This week I’m recommending `Seraphina’ a first novel by American author Rachel Hartman.  This Young Adult Fantasy/Mystery was published in America in 2012 and a British paperback edition has just come out. It’s also available on Kindle. I was attracted to this book by the beautifully drawn dragon on the cover. I am very partial to dragons but they are so ubiquitous in Fantasy, I doubted if  `Seraphina’  would contain anything new or surprising.  Then I looked at the annotated cast list and saw that the heroine had seventeen grotesque people living inside her head. `That’s different,’ I thought, and so it proved. This is a sophisticated read that it is definitely at the adult end of Young Adult fiction.

The story is told by Music Mistress Seraphina Dombegh who lives in the kingdom of Goredd.  In her world, there are long-lived  fire-breathing dragons who are capable of taking human form. Forty years before, Queen Lavonda ended a terrible war by negotiating a peace treaty between Goredd and dragonkind. The Knights who used to fight the dragons have been banished and most saarantrai – dragons in their human form – have to identify themselves by wearing a bell. The peace treaty is due to be renewed but many humans still distrust dragons and resent their presence in Goredd. Seraphina is a musical prodigy who has just been given the job of assistant to the Court Composer. Very few people know that her mentor and music teacher, Orma, is a dragon in human form. Unfortunately, one of Seraphina’s first tasks is to play at a royal funeral. Prince Rufus has been found brutally dead and may have been murdered by a rogue dragon.  Seraphina soon finds herself helping royal bastard, Lucian Kiggs, investigate the murder of Rufus and on-going threats to the Goreddi royal family and the leader of the dragons. Lucian is engaged to his cousin, the charming, Princess Glisselda. This future queen begins to take advice about dragons from Seraphina, which makes the young Music Mistress enemies at court.

Attention of any kind is the last thing Seraphina wants because she has major  secrets to hide. Her father has always stressed that if anyone finds out the truth about her relationship with Orma, or sees what she hides under her clothes, Seraphina will be rejected by both humans and dragons. So she is forced to keep lying, even to the man she is starting to fall in love with. Seraphina  also struggles to deal with extraordinary memories bequeathed to her by her long dead mother and with  visions of  grotesque creatures. To control these visions, Seraphina has confined `her grotesques’ to a garden in her mind. Then she starts meeting her `imaginary people’ in real life.  Seraphina realizes that she may not be as unique as she had feared, but she still has to find out who is behind a ruthless conspiracy and risk everything to save those she loves.

I shouldn’t even have finished reading this book. When you mainly work at home as I do, you have to be disciplined. My number one rule is – no reading novels for pleasure during office hours. Yesterday, I broke that rule for `Seraphina’ because I was so captivated by Hartman’s heroine and so keen to know what would happen in the last few chapters. For me, this book works as a tantalizing  murder mystery, a touching love story and a remarkable character study of a girl who has been brought up to believe that she’s a monster. I’ve been vaguer than usual in my plot summary because I don’t want to spoil Hartman’s cunningly constructed series of revelations. She’s careful to keep you guessing about the murderer and their motives and there is no easy resolution to a love affair that is socially and morally impossible.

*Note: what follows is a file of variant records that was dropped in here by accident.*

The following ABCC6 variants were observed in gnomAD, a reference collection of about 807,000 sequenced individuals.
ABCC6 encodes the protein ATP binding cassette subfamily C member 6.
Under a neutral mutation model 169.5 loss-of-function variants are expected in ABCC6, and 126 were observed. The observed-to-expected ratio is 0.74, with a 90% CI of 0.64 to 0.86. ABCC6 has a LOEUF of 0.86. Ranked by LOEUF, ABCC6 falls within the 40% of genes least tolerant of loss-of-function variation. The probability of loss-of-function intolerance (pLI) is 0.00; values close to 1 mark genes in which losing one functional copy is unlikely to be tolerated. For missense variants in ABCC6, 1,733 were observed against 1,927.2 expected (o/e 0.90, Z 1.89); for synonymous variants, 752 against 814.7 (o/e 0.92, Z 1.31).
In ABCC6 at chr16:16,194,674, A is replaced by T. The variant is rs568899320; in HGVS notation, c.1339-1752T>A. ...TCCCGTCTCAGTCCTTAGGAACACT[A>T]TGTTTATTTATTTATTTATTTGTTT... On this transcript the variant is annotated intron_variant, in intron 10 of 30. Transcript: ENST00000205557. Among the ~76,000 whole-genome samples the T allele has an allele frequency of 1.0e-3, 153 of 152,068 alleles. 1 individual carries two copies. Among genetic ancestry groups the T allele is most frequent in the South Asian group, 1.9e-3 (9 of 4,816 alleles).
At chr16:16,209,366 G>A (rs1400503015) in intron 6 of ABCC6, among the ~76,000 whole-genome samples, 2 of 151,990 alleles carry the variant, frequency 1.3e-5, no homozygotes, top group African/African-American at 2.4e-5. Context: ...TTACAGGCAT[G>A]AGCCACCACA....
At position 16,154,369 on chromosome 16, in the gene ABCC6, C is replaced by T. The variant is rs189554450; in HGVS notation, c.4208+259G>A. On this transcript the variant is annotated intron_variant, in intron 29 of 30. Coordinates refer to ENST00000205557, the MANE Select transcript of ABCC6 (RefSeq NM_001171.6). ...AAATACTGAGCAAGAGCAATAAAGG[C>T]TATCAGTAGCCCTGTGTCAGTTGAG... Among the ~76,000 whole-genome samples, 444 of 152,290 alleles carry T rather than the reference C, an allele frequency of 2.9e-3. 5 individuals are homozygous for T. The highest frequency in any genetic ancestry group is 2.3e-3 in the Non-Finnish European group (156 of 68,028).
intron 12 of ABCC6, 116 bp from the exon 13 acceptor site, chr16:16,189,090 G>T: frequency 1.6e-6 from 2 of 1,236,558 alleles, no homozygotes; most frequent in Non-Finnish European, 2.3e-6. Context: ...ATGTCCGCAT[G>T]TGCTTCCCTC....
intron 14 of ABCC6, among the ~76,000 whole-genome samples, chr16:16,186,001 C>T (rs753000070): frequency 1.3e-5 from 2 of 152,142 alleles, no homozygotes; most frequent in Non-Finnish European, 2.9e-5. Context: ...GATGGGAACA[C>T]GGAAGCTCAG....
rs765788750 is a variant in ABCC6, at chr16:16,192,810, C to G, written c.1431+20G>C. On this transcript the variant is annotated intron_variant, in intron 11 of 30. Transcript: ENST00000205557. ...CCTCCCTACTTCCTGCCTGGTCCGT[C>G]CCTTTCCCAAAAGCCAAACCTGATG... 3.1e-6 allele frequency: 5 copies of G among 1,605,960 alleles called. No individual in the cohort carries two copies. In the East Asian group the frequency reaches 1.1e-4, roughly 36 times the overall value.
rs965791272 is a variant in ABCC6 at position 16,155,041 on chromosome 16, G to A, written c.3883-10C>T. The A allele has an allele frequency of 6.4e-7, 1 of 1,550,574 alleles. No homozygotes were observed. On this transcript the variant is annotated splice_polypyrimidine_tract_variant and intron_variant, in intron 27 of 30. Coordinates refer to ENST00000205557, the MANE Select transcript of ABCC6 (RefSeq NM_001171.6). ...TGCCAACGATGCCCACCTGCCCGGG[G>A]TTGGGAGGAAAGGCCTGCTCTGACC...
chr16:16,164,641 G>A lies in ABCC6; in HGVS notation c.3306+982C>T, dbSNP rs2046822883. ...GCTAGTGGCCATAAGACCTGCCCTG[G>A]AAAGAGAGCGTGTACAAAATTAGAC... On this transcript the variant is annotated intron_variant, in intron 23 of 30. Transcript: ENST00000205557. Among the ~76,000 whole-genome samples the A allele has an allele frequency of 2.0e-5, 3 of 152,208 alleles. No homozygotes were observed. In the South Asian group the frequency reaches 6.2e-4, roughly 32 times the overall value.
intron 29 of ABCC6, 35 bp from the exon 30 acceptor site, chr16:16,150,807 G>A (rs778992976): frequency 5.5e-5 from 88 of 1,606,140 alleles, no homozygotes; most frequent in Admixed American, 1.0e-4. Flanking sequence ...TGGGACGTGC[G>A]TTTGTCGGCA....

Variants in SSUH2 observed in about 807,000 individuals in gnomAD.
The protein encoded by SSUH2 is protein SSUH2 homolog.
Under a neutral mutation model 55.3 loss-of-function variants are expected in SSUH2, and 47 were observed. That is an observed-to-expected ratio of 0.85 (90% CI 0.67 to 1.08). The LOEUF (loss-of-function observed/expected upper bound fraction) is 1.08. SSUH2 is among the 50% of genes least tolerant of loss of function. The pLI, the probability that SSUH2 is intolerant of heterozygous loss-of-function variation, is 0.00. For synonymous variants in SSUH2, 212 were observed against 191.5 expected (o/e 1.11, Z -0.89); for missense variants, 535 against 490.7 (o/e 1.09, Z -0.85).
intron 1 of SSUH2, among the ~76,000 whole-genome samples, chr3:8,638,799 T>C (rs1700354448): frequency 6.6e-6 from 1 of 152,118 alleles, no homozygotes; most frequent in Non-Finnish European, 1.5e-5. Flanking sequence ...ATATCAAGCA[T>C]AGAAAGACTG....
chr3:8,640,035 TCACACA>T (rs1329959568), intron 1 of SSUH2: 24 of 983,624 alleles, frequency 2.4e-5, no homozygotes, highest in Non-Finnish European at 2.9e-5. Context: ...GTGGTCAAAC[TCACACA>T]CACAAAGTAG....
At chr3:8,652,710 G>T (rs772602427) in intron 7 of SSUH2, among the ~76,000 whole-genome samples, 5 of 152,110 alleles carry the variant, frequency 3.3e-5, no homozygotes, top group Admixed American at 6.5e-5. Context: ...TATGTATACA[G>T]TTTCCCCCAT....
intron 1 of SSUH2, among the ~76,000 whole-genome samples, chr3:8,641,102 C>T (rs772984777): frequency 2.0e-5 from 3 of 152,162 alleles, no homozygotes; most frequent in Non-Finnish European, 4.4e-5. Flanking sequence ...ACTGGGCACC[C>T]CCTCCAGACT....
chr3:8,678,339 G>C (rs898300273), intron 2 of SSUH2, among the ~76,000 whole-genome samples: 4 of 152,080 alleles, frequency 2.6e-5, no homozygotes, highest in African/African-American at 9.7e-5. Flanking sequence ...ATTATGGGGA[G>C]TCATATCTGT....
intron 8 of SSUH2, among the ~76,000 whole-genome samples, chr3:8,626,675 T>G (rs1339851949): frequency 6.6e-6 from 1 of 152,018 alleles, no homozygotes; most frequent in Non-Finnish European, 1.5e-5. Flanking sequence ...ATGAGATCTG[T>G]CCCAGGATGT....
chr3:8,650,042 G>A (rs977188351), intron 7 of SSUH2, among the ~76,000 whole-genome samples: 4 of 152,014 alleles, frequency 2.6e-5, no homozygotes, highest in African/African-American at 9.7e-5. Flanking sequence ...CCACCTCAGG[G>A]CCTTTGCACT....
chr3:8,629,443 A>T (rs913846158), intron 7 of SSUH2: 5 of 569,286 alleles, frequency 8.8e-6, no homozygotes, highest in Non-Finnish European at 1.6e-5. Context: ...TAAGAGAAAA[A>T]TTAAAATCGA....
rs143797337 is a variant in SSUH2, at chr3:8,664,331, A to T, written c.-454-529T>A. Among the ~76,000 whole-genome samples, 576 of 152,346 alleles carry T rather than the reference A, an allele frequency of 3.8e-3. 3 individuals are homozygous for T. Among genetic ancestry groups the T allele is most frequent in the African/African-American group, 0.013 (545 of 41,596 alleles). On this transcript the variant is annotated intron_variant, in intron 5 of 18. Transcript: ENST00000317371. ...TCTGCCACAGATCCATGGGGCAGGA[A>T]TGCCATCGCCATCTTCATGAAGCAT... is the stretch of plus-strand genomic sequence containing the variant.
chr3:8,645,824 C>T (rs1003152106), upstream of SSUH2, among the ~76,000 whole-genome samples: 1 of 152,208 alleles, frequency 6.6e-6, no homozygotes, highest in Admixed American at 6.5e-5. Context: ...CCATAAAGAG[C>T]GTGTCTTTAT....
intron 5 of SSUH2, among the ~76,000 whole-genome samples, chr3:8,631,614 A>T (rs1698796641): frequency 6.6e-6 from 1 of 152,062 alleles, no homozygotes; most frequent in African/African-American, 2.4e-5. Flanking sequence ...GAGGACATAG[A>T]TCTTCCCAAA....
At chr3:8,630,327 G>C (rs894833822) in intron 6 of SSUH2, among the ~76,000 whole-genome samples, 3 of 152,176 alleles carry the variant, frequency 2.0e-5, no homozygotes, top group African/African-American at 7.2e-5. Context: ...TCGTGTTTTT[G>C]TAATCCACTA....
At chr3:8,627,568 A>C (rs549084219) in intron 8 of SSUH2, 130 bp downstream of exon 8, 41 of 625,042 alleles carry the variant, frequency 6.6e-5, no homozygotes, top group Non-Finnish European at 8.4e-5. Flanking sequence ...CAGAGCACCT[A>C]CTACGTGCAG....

Seraphina herself is a distinctive narrator who tells her story with acidic humour and understated pain.  She starts with  a bizarre memory of her own birth and tells us that she was a finicky baby who would only suckle if `the wet nurse sang exactly on pitch’. Hartman writes wonderfully about music so Seraphina is always convincing as a remarkable musician. She presents herself as a crabby, unattractive and almost friendless girl whom nobody could love, but the reactions of other characters gradually show the reader that this is far from true. One of the joys of this book is that the people and dragons we meet are nearly all complex beings with mixed motives for their actions. Some of them even profit from experience and change in the course of the story. For example, Princess Glisselda seems dim and frivolous at first but develops leadership qualities in a crisis and becomes a staunch friend to Seraphina. It is typical of Hartman’s clever plotting that this causes another dilemma for Seraphina.

Goredd is a rather standard `medieval realm with dragons’ but  the Goreddi have some interesting customs and religious beliefs. They don’t worship a singular deity but there is a suitable saint for every person and occasion, including St Capita, the patroness of scholars who carries her own head on a plate. Hartman’s soul-less dragons look and fight  like standard Western dragons but they are coldly logical creatures and mathematics is the nearest thing they have to a religion. Their main reason for taking human form is to acquire more knowledge. These dragons don’t see the point of most human art-forms and claim not to understand human emotions such as love, but  saarantrai like Orma are gradually bringing the two species closer together. Then there are the smelly and spiny quigutl, who manage to annoy both humans and dragons, and Seraphina’s grotesques who each have a different remarkable power. All in all, Seraphina’s world is one I’m keen to revisit. That’s just as well because, like so many Fantasy books, `Seraphina’ turns out to be the first volume in a series. I’ve already pre-ordered the sequel. Until next week…